2021 Outlook: Kentucky Gov. Beshear Pushing For Sports Betting

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Kentucky sports betting

It might be a short session with another gaming topic taking center stage but Kentucky sports betting should be legalized this year, Gov. Andy Beshear said.

Beshear touched on multiple topics in the first episode of Governor Andy Beshear: First Year Reflections on Kentucky Educational Television. Around the 35-minute mark, Beshear is asked by the host if the time is right to legalize KY sports betting:

“I believe the time was right years and years and years ago when virtually every state around us, all Republican states, already have it. We talk about having a competitive business climate but right now we’re not allowing business that every state around us is.

“The fact is you can drive right across the border, virtually any of our borders, and on your cell phone make a bet, and a dollar or a percentage of that bet is going to go to those states for their roads and bridges, for their schools and for other needs. The fact that we haven’t done it at this point is not only silly but puts us at a competitive disadvantage.”

Kentucky surrounded by sports betting

Beshear misspoke slightly since states typically tax sports betting revenue and not handle, but his point remains the same. Those bets placed by Kentuckians translate to tax revenue in five of Kentucky’s seven border states:

Its other two border states, Missouri and Ohio, will see efforts to legalize sports betting this year as well. Missouri already has three bills pre-filed and Ohio continues a years-long negotiation on legislation.

Sports betting might be overshadowed

Kentucky’s shot at legal betting will again be spearheaded by Rep. Adam Koenig, whose 2020 bill died last year in committee. Koenig told LSR last month that as much as he wants to see sports betting legalized, there might not be enough time.

Kentucky first needs to legalize historic horse racing after the state’s Supreme Court ruled some of the systems used on the slot-like games weren’t in line with pari-mutuel laws. With just 30 days in Kentucky’s shortened session this year, there might not be time to debate sports betting after the HHR issue is handled.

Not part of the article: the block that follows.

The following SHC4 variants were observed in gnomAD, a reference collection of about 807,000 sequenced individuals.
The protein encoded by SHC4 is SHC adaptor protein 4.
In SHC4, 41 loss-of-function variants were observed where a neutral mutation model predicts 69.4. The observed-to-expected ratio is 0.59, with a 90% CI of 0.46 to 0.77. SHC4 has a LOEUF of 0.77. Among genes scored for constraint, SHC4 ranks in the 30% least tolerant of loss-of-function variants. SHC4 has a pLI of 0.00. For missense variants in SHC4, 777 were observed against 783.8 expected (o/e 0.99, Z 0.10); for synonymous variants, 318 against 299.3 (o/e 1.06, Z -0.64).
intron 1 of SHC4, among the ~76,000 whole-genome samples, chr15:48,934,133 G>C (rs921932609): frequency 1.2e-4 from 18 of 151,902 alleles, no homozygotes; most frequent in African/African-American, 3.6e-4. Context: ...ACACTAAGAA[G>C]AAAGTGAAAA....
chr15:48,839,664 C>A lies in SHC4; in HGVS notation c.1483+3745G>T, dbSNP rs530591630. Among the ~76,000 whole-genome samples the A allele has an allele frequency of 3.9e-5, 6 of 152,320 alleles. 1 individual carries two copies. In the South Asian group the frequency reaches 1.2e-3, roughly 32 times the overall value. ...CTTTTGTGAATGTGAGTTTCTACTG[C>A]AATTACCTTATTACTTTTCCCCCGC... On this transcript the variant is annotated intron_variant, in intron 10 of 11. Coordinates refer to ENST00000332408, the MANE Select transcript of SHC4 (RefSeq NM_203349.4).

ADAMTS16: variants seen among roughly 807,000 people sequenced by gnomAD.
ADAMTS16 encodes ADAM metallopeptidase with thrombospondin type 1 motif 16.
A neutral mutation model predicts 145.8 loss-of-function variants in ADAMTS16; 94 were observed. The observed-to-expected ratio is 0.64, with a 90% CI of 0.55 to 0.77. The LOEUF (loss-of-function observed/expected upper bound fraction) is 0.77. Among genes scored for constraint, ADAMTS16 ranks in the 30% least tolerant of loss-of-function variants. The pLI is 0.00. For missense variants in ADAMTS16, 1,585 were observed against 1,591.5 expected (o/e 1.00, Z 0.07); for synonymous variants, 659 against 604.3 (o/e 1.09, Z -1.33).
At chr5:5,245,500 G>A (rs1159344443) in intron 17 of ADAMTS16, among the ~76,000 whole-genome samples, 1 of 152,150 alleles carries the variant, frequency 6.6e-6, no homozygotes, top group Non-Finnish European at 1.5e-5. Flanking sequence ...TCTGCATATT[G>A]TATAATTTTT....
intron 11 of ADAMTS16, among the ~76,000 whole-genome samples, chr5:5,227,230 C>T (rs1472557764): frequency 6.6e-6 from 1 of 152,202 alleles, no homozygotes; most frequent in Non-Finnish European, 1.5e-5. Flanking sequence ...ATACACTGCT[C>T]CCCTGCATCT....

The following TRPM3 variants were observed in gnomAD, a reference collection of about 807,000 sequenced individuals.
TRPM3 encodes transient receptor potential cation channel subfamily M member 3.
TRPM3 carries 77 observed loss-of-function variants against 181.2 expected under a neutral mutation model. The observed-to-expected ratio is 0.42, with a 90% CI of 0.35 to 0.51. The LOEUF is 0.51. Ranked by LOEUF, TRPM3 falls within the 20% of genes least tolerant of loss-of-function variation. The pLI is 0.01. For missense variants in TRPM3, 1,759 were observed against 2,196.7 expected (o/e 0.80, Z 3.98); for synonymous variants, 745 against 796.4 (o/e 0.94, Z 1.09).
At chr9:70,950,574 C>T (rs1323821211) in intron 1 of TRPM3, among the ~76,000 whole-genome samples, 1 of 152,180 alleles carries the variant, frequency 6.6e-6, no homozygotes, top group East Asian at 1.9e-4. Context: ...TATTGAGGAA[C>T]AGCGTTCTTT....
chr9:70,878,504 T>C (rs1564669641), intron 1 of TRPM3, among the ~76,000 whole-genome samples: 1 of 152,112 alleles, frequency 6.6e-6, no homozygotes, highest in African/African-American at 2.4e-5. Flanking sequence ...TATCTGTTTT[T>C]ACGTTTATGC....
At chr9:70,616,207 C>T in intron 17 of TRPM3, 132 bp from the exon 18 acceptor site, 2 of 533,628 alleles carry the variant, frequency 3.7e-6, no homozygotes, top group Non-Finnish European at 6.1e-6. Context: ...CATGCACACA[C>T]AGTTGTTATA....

HHR machines brought in $33.8 million in taxes for the state last fiscal year. Revenue from the machines also boosts purses for the state’s horse racing industry.

“Historic horse racing is something that’s absolutely necessary if we want to continue to be the thoroughbred capital of the world,” Beshear said. “It supports thousands upon thousands of jobs and it’s time for the Senate and the House to step up and do right for an industry that we cannot let go somewhere else.”

Beshear wants full casino gaming

While Beshear wants to take care of historic horse racing and sports betting this year, he’d eventually like to see full-fledged casinos in the state.

“Let’s go ahead and do full casino gaming,” Beshear said when asked if the tax revenue from sports betting was worth the effort. “Indiana has it. They make hundreds of millions of dollars a year in revenue. We ought to do that.

“I’m willing to start with sports betting, but how about we compete with West Virginia, Pennsylvania, Indiana, Ohio and Missouri that all have casinos at or near our borders.”

Full casino gaming won’t be a topic for this shortened session, he confirmed. When it is up for legalization, though, he expects it to pass.

“We want to help push sports betting over the line [this year],” Beshear said. “We think once people see that and the opportunity that’s there that hopefully we’ll be closer to the full-blown gaming that I believe the majority of Kentuckians want and are tired of their dollars paving the roads in our neighboring states.”